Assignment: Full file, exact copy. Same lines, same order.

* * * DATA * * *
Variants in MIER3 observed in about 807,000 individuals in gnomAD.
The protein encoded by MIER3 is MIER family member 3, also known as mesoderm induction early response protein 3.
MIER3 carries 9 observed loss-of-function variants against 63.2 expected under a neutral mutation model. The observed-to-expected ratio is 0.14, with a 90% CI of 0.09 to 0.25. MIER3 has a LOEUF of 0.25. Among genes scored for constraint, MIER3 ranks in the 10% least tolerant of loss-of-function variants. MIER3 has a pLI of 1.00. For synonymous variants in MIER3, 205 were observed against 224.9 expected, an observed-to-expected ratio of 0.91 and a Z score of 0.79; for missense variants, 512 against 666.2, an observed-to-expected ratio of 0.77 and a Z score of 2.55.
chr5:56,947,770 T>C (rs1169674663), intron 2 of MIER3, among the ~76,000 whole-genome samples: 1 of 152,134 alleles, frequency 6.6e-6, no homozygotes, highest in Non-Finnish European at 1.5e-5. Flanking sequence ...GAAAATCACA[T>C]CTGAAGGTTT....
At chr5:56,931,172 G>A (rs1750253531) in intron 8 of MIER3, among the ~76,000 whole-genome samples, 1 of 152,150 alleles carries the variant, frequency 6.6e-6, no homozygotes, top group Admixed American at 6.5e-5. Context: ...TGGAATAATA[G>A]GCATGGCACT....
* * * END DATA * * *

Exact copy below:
Variants in MIER3 observed in about 807,000 individuals in gnomAD.
The protein encoded by MIER3 is MIER family member 3, also known as mesoderm induction early response protein 3.
MIER3 carries 9 observed loss-of-function variants against 63.2 expected under a neutral mutation model. The observed-to-expected ratio is 0.14, with a 90% CI of 0.09 to 0.25. MIER3 has a LOEUF of 0.25. Among genes scored for constraint, MIER3 ranks in the 10% least tolerant of loss-of-function variants. MIER3 has a pLI of 1.00. For synonymous variants in MIER3, 205 were observed against 224.9 expected, an observed-to-expected ratio of 0.91 and a Z score of 0.79; for missense variants, 512 against 666.2, an observed-to-expected ratio of 0.77 and a Z score of 2.55.
chr5:56,947,770 T>C (rs1169674663), intron 2 of MIER3, among the ~76,000 whole-genome samples: 1 of 152,134 alleles, frequency 6.6e-6, no homozygotes, highest in Non-Finnish European at 1.5e-5. Flanking sequence ...GAAAATCACA[T>C]CTGAAGGTTT....
At chr5:56,931,172 G>A (rs1750253531) in intron 8 of MIER3, among the ~76,000 whole-genome samples, 1 of 152,150 alleles carries the variant, frequency 6.6e-6, no homozygotes, top group Admixed American at 6.5e-5. Context: ...TGGAATAATA[G>A]GCATGGCACT....